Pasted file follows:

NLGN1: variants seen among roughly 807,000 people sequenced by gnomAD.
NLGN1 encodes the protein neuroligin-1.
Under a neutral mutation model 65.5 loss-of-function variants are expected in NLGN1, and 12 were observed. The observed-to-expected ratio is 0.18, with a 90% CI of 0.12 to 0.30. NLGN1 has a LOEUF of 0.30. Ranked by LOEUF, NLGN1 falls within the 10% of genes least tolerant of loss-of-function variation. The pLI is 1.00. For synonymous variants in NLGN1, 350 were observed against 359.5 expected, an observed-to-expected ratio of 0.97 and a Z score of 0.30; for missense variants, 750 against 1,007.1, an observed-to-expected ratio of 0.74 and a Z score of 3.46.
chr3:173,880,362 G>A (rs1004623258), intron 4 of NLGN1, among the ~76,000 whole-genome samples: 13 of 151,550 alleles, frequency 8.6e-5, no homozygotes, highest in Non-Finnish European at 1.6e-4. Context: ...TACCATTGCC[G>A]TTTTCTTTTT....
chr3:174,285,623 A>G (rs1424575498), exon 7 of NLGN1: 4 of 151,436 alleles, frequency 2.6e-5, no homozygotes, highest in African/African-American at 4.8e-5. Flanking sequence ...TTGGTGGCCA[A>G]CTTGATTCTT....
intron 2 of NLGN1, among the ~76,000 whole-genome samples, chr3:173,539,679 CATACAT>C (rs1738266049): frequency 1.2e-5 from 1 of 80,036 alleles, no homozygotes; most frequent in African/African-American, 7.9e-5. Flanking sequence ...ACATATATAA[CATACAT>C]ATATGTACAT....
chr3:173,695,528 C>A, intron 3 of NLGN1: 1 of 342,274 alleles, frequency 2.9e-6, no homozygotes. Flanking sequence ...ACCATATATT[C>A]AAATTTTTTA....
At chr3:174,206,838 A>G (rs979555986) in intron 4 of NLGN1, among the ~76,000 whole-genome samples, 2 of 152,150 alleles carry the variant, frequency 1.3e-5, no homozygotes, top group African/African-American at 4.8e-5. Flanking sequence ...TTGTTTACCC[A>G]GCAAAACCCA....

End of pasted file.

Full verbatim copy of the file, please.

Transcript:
NLGN1: variants seen among roughly 807,000 people sequenced by gnomAD.
NLGN1 encodes the protein neuroligin-1.
Under a neutral mutation model 65.5 loss-of-function variants are expected in NLGN1, and 12 were observed. The observed-to-expected ratio is 0.18, with a 90% CI of 0.12 to 0.30. NLGN1 has a LOEUF of 0.30. Ranked by LOEUF, NLGN1 falls within the 10% of genes least tolerant of loss-of-function variation. The pLI is 1.00. For synonymous variants in NLGN1, 350 were observed against 359.5 expected, an observed-to-expected ratio of 0.97 and a Z score of 0.30; for missense variants, 750 against 1,007.1, an observed-to-expected ratio of 0.74 and a Z score of 3.46.
chr3:173,880,362 G>A (rs1004623258), intron 4 of NLGN1, among the ~76,000 whole-genome samples: 13 of 151,550 alleles, frequency 8.6e-5, no homozygotes, highest in Non-Finnish European at 1.6e-4. Context: ...TACCATTGCC[G>A]TTTTCTTTTT....
chr3:174,285,623 A>G (rs1424575498), exon 7 of NLGN1: 4 of 151,436 alleles, frequency 2.6e-5, no homozygotes, highest in African/African-American at 4.8e-5. Flanking sequence ...TTGGTGGCCA[A>G]CTTGATTCTT....
intron 2 of NLGN1, among the ~76,000 whole-genome samples, chr3:173,539,679 CATACAT>C (rs1738266049): frequency 1.2e-5 from 1 of 80,036 alleles, no homozygotes; most frequent in African/African-American, 7.9e-5. Flanking sequence ...ACATATATAA[CATACAT>C]ATATGTACAT....
chr3:173,695,528 C>A, intron 3 of NLGN1: 1 of 342,274 alleles, frequency 2.9e-6, no homozygotes. Flanking sequence ...ACCATATATT[C>A]AAATTTTTTA....
At chr3:174,206,838 A>G (rs979555986) in intron 4 of NLGN1, among the ~76,000 whole-genome samples, 2 of 152,150 alleles carry the variant, frequency 1.3e-5, no homozygotes, top group African/African-American at 4.8e-5. Flanking sequence ...TTGTTTACCC[A>G]GCAAAACCCA....